Sprouting a Business in Hemp

Sprouting a Business in Hemp

Written on August 06th, 2020

Among the early throes of a worldwide pandemic, an emergency was declared in order to legalize the growth, production and transportation of hemp in the state of South Dakota as of March 27, 2020. This Bill setup a regulatory system through the Department of Agriculture (“Department”) to provide for licensing, inspection, and promulgation of rules to ensure compliance with all applicable laws – local, state, and federal.

To take part in this new economic opportunity, interested parties will need to apply to the Secretary of the Department for a license; although aspiring transporters will need to apply for one of two types of transportation permits through the Department of Public Safety. The timing of these applications will depend on whether one seeks to be licensed as a grower, a processor, or permitted as a transporter. The requirements for each respective license or permit differ in part; such as a grower needing at least five contiguous outdoor acres and a processor being required to provide the street address, legal description, and global positioning coordinates for their processing locations. Likewise, each license or permit is valid for differing periods of time. Applicants for a license to grow or process industrial hemp will be required to submit to a state and federal background investigation by means of fingerprint checks.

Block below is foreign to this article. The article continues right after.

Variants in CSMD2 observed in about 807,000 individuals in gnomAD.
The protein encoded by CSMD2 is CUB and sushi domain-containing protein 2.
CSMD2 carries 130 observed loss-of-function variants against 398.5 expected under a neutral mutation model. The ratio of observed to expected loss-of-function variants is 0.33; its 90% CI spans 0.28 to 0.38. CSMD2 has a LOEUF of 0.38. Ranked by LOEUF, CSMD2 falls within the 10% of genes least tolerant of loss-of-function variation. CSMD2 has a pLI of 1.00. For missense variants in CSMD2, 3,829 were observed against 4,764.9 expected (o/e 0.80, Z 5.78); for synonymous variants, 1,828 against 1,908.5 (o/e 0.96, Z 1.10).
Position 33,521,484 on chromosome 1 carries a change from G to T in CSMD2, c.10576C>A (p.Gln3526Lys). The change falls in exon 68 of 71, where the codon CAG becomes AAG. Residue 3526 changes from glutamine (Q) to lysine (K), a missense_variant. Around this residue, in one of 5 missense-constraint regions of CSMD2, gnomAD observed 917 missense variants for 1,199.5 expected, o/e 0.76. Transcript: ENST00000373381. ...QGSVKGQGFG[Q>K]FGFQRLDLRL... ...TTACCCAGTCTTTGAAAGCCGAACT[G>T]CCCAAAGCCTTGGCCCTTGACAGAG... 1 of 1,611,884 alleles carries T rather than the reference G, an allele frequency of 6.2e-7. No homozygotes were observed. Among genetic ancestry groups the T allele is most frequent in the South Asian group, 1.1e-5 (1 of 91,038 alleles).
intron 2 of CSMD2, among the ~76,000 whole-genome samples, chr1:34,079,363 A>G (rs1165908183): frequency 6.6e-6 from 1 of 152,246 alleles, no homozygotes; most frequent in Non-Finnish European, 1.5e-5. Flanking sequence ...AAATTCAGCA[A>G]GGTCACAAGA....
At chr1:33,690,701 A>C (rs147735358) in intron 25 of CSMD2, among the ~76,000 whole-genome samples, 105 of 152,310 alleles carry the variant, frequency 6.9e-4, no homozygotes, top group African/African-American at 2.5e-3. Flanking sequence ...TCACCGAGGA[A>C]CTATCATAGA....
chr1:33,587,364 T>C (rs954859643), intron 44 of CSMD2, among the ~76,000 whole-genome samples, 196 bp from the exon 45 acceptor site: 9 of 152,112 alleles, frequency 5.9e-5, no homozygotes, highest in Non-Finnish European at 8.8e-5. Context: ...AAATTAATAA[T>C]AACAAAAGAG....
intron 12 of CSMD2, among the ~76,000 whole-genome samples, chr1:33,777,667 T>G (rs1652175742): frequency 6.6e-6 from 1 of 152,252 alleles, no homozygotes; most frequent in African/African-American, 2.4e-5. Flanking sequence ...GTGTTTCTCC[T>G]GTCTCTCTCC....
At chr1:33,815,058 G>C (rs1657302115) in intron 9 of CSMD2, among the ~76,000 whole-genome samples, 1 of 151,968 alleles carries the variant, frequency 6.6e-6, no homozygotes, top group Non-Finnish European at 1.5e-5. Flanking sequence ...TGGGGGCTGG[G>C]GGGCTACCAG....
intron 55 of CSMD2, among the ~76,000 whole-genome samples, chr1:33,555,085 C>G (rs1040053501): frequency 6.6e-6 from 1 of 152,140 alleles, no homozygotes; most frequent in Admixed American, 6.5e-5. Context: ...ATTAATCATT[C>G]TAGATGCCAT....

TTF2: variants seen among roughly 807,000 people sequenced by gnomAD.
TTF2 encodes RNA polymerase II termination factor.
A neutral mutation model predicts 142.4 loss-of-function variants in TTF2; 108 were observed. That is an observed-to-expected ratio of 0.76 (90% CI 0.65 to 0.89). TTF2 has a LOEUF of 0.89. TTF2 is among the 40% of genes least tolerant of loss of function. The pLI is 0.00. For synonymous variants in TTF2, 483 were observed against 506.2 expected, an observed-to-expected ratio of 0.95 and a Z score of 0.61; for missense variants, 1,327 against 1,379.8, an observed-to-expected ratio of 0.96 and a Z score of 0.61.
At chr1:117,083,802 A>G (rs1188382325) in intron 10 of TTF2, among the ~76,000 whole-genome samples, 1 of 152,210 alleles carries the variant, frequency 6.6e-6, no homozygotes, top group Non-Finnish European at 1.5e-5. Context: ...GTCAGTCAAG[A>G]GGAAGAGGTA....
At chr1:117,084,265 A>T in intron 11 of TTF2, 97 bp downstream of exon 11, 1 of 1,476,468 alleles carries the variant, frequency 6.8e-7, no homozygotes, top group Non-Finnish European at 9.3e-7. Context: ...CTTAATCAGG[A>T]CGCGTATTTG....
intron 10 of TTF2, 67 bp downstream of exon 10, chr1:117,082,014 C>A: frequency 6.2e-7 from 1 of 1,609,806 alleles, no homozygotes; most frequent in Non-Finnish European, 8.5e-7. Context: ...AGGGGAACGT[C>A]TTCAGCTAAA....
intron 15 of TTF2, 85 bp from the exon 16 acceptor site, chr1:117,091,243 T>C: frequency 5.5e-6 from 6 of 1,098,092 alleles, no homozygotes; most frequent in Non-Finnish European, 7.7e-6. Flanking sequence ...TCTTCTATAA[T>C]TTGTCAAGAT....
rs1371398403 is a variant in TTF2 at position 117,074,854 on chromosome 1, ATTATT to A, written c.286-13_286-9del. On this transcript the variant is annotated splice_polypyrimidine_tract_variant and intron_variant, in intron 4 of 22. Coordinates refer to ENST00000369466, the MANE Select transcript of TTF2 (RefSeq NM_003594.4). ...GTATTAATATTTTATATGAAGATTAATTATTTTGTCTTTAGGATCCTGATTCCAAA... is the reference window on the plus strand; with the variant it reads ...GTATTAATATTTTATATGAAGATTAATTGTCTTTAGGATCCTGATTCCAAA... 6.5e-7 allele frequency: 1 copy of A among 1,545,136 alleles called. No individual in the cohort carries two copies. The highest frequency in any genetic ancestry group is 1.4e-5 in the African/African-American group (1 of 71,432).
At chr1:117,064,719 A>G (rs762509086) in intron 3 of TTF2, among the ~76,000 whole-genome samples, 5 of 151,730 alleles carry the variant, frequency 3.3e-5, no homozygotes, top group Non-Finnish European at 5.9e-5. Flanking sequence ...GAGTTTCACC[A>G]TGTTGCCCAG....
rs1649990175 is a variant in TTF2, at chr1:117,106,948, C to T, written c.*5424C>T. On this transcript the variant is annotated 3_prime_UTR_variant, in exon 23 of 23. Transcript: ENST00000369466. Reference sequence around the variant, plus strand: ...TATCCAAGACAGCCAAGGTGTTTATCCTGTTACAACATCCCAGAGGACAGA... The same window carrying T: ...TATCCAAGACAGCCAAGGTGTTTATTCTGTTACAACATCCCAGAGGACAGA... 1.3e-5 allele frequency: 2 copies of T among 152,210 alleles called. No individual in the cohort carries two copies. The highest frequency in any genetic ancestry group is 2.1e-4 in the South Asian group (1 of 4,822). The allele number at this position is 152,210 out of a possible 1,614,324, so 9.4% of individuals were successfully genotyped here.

Extensive policies have been enacted to provide the Departments of Agriculture and Public Safety with records of and access to all growing and processing operations. Such access, as consented to in the license application, may be without prior notice or the need to obtain a search warrant or court order. This access provides the Departments opportunities to inspect and test any hemp on location. Transporters are similarly deemed to have given consent to reasonable search and seizure of hemp without preceding procedural safeguards. To enforce this, a newly added statute provides that “[a]ny law enforcement officer may require any transporter to stop for the purposes of inspection.”

The attorney general has been charged with annually collecting and compiling information to present an accurate survey which may be useful in studying the effect legalizing industrial hemp has had on controlled substance and marijuana prosecutions in South Dakota.

Every situation is different. Please consult with counsel to determine how these changes may impact you. This information is being provided for your review and consideration. If you have any questions or would like additional information, please don’t hesitate to contact any of the attorneys at GPNA.

Author: Jacob Beckett, Legal Intern 
Co-Author: Jason Smiley, Attorney